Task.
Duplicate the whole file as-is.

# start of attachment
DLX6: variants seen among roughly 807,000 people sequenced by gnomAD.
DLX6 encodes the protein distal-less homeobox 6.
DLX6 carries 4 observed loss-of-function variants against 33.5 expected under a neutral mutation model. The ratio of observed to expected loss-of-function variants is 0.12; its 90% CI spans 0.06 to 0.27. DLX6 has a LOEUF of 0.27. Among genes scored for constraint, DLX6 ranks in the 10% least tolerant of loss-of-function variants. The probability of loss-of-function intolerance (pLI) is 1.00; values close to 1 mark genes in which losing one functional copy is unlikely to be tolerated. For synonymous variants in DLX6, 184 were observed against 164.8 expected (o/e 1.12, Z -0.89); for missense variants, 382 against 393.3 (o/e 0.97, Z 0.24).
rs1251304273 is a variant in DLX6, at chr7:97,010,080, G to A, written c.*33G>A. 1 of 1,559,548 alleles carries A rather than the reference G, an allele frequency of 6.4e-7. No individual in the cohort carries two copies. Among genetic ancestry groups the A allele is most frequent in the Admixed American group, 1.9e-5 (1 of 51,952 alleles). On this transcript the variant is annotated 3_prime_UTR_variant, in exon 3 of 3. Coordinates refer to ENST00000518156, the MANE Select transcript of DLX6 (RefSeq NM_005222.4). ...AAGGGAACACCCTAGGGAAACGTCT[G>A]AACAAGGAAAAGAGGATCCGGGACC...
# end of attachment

DLX6: variants seen among roughly 807,000 people sequenced by gnomAD.
DLX6 encodes the protein distal-less homeobox 6.
DLX6 carries 4 observed loss-of-function variants against 33.5 expected under a neutral mutation model. The ratio of observed to expected loss-of-function variants is 0.12; its 90% CI spans 0.06 to 0.27. DLX6 has a LOEUF of 0.27. Among genes scored for constraint, DLX6 ranks in the 10% least tolerant of loss-of-function variants. The probability of loss-of-function intolerance (pLI) is 1.00; values close to 1 mark genes in which losing one functional copy is unlikely to be tolerated. For synonymous variants in DLX6, 184 were observed against 164.8 expected (o/e 1.12, Z -0.89); for missense variants, 382 against 393.3 (o/e 0.97, Z 0.24).
rs1251304273 is a variant in DLX6, at chr7:97,010,080, G to A, written c.*33G>A. 1 of 1,559,548 alleles carries A rather than the reference G, an allele frequency of 6.4e-7. No individual in the cohort carries two copies. Among genetic ancestry groups the A allele is most frequent in the Admixed American group, 1.9e-5 (1 of 51,952 alleles). On this transcript the variant is annotated 3_prime_UTR_variant, in exon 3 of 3. Coordinates refer to ENST00000518156, the MANE Select transcript of DLX6 (RefSeq NM_005222.4). ...AAGGGAACACCCTAGGGAAACGTCT[G>A]AACAAGGAAAAGAGGATCCGGGACC...